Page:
On our way back to Minneapolis we were able to hang out with my parents in my hometown of Hatley, Wisconsin. Trees, cows, dirt roads and wide open spaces–all very welcomed after being in New York for a couple months.
A rare and intimate look into the lives of our forefathers, here’s a wonderful selection of passports from the Immigration Museum at Ellis Island. Katie literally had to drag me away from this display, so cool! I could have stayed all day.
It had been eight months since I’d seen my parents, so I was super-excited when they told us they were coming to Brooklyn! My mom had never been to NYC, so it was fun to show her around and play tourist ourselves. We hit up all the greats: Battery Park, the Statue of Liberty, Ellis Island, the financial district, the Brooklyn Bridge, Central Park, Times Square, Billy Elliot on Broadway, a double-decker bus, and the Empire State Building. Plus some local gems, like Abistro over in Fort Greene. It was sad to seem them leave, but that was softened knowing that we’ll be living with them for two weeks when we get back to Minneapolis, right before we skip over to Europe.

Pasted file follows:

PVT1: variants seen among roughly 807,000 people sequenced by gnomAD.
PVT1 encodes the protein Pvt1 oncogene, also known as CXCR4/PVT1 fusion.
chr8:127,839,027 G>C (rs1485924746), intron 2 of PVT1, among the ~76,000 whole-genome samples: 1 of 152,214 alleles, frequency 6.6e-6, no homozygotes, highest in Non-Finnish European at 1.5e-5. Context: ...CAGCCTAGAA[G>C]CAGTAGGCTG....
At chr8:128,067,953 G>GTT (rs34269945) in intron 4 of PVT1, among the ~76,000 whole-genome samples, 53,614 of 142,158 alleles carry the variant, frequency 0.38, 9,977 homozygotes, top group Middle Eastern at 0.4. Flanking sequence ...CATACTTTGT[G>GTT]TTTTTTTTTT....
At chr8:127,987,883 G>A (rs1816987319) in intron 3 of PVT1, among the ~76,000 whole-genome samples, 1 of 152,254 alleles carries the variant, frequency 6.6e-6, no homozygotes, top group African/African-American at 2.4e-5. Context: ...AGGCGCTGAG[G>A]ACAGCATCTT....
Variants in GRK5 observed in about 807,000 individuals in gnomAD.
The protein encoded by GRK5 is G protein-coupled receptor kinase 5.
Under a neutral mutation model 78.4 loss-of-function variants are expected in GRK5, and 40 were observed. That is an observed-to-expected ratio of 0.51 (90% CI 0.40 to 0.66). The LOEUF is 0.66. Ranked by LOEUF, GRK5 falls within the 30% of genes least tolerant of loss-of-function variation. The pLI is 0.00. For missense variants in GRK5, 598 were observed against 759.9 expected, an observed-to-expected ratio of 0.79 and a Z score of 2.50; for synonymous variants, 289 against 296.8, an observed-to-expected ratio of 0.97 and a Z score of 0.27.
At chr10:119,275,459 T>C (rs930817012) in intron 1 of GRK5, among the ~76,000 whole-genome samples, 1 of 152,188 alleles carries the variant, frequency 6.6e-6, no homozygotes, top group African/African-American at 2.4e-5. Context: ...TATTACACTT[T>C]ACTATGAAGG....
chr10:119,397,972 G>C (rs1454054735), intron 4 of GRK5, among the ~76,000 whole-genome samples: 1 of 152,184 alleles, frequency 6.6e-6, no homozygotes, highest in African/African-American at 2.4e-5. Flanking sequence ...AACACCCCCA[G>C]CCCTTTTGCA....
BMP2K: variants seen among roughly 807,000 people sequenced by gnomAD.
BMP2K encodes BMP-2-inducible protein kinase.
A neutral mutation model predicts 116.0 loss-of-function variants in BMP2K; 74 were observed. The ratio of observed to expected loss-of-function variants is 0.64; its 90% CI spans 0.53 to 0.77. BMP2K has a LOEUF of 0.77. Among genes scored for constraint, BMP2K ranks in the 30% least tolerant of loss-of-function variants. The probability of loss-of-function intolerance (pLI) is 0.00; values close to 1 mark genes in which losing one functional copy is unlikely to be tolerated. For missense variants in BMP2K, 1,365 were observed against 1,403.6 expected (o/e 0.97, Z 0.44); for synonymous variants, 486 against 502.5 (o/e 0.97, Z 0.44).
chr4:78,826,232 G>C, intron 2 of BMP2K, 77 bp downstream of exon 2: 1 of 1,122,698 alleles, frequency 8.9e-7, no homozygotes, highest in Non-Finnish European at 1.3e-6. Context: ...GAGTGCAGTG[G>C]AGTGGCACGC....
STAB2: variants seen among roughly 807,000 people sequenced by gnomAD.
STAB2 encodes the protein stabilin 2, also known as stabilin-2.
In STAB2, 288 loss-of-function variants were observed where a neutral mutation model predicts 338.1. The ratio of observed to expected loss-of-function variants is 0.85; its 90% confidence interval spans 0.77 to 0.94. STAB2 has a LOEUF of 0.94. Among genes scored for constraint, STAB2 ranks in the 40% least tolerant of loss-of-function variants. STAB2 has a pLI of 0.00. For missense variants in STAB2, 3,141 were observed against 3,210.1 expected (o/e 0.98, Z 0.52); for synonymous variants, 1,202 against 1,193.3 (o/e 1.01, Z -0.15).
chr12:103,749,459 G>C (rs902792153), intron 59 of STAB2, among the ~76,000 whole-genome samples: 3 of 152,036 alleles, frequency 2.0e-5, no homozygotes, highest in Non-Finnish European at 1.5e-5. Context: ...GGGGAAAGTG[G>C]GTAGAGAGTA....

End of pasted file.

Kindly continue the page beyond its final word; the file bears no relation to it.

It’s kind of strange, having been on the road this long. There are definitely times where you’re reminded of what your life used to be like, before you embarked. I’ve certainly thought (and even said) that I miss my family, but what does that really mean? It’s often tough to know until you get to see them again.
On our way from Savannah to New York, we visited my brother and his family in South Carolina, just over the border from Charlotte, NC. I hadn’t expected it, but it was the closest thing to home I’ve felt since we left Minnesota. It’s been almost a year since we got to spend time with our niece and nephew. It’s inspiring to see their enthusiasm and watch them become individuals. So cool.
We were lucky enough to have my parents come out for an on-the-road visit to San Francisco. The Japanese Tea Gardens, the Wine Country, Sausalito, The California Academy of Sciences…it was really a great long weekend and I miss them already. To document it, we used Instagram, a wonderful, free photography app for the iPhone that’s full of vintage filters and sharing features.